# How the x-ray diffractometer caculate the lattice constant or miller indices?

yy.toh
Bragg's law n.lambda=2d sin theta. d=1/{h^2/a^2+k^2/b^2+l^2/c^2} for orthorombic structure.

thus d=n.lambda/2 sin theta=1/{h^2/a^2+k^2/b^2+l^2/c^2}
lambda and theta are given.

Look, there are two types/sets of unknowns in the d formula, they are miller indices h, k, l and lattice constant a, b, c. Normally the x-ray diffractometer analysis would give the significant theta according to the count, and also the h, k l and a, b, c. Now I wonder what method the machine has used to figure out the h, k, l and a, b, c?there are two sets of unknown remember?how it is solved by using only one equation?

Looking forward for experts answers...
thanks

## Answers and Replies

abhi2005singh
Now I wonder what method the machine has used to figure out the h, k, l and a, b, c?
Diffractometer only gives you the counts and the corresponding 2$$\theta$$. It does not give you the hkl or abc.

yy.toh
Diffractometer only gives you the counts and the corresponding 2$$\theta$$. It does not give you the hkl or abc.

is that so. Do you know how to determine h, k, l and a, b, c from the XRD data for orthorombic sturcture?

abhi2005singh
The general approach for extraction of structure information from the XRD data is that you know what elements you have in your material. Then match the observed spectra with that of the various compounds of that element. This gives you the information about the phase formation along with the abc and hkl values.

If you already have some information about the structure (by following above procedure or a priori), then you can use the equations (as given by you) to predict the 2$$\theta$$ values for given hkl values. This way you can identify as to which peak corresponds which reflection plane. More accurate values are obtained by modifying the abc and $$\alpha \beta \gamma$$ values in such a way that you get the peak positions matching with the experimental spectra.

More things can also be done, but I guess this suffices for your needs.

All of this procedure can be quite tedious. There are softwares available to do the job.

yy.toh
The general approach for extraction of structure information from the XRD data is that you know what elements you have in your material. Then match the observed spectra with that of the various compounds of that element. This gives you the information about the phase formation along with the abc and hkl values.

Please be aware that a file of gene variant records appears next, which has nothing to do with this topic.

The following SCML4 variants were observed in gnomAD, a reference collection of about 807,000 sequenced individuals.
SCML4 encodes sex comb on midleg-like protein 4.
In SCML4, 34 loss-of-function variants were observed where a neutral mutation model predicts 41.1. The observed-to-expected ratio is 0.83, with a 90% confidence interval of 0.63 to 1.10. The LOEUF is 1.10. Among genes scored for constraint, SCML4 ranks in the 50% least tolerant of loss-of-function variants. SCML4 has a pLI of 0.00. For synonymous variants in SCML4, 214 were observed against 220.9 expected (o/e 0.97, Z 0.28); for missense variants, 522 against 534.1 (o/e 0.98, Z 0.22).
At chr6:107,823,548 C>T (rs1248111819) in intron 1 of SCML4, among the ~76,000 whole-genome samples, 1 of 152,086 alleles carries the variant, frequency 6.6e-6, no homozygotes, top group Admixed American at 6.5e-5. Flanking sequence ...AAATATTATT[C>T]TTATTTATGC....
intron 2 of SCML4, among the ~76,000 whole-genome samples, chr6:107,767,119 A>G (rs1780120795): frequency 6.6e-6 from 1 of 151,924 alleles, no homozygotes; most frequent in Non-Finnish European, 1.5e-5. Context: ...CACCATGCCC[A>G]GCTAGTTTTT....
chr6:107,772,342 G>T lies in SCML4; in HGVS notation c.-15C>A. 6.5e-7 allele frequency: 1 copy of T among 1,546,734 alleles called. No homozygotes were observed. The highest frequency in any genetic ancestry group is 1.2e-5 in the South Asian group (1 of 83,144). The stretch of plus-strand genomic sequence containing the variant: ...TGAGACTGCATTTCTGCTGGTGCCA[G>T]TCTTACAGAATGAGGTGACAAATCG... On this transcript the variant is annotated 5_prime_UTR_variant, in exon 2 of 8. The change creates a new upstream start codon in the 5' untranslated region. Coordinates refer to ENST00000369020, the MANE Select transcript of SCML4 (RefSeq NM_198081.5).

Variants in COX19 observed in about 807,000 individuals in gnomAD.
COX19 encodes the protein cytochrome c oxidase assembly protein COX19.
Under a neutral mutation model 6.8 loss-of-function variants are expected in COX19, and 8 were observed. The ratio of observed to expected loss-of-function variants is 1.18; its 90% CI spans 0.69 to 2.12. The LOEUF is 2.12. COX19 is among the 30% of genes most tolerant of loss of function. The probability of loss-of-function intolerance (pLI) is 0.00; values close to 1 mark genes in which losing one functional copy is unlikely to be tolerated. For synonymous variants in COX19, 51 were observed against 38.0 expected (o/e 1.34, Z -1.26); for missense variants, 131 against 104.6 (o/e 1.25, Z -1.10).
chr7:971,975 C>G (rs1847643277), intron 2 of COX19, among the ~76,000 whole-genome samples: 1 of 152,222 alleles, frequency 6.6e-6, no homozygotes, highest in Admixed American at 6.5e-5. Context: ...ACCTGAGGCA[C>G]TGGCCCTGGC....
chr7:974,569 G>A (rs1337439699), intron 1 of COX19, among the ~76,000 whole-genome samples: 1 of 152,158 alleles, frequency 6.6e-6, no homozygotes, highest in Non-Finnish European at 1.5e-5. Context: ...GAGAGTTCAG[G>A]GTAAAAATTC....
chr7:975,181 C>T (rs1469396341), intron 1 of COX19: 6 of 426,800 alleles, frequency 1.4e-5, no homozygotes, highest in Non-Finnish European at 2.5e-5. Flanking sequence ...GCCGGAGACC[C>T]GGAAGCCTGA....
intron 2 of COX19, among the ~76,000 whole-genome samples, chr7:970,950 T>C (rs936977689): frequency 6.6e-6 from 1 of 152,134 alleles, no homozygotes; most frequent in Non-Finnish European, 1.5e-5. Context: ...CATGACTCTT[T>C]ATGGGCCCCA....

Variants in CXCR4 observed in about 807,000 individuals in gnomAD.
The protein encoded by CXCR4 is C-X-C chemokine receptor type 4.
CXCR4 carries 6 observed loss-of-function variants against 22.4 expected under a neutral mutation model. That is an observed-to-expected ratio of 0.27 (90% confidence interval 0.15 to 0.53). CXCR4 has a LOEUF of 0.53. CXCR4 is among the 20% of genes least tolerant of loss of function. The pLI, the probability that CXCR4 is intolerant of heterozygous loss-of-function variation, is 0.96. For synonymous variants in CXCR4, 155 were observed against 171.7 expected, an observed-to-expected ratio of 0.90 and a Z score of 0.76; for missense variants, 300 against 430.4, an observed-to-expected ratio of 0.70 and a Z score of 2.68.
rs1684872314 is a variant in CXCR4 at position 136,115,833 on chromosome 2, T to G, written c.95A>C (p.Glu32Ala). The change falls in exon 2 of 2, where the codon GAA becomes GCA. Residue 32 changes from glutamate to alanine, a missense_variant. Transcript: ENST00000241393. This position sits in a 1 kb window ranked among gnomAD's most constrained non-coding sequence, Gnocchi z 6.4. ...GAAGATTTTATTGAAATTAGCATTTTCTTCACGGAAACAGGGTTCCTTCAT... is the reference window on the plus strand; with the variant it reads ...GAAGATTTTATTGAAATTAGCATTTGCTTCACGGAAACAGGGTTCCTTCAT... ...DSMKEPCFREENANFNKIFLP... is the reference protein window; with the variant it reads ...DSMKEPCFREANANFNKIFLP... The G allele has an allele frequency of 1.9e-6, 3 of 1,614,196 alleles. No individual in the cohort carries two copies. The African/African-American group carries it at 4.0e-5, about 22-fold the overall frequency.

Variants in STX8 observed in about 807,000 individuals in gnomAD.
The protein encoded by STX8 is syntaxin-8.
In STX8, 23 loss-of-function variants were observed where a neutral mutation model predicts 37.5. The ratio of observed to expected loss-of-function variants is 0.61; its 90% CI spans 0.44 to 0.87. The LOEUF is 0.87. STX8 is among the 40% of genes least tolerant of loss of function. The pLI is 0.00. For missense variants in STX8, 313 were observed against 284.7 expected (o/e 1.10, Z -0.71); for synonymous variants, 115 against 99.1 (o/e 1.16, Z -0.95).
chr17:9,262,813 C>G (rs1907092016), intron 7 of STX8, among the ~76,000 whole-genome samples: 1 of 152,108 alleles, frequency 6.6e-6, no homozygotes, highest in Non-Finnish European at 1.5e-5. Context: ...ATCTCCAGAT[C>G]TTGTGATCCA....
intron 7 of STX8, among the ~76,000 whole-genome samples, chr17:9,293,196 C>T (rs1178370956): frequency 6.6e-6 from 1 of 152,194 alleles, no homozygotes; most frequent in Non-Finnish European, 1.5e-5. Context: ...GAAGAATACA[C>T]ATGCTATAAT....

If you already have some information about the structure (by following above procedure or a priori), then you can use the equations (as given by you) to predict the 2$$\theta$$ values for given hkl values. This way you can identify as to which peak corresponds which reflection plane. More accurate values are obtained by modifying the abc and $$\alpha \beta \gamma$$ values in such a way that you get the peak positions matching with the experimental spectra.

More things can also be done, but I guess this suffices for your needs.

All of this procedure can be quite tedious. There are softwares available to do the job.

please explain more on the $$\alpha\beta\gamma$$ modification please

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abhi2005singh
Most of the times introduction of impurity atoms or due to the other electronic interaction, the structure of the material can deviate from the ideal structure we read in the books. This generally leads to stretching/bending of bonds and bond angles. Such changes may lead to the changes in the angles. This information is available in the XRD spectra of those materials. You need to make changes accordingly in the input values of abc and $$\alpha\beta\gamma$$ and try to reproduce the experimental spectra.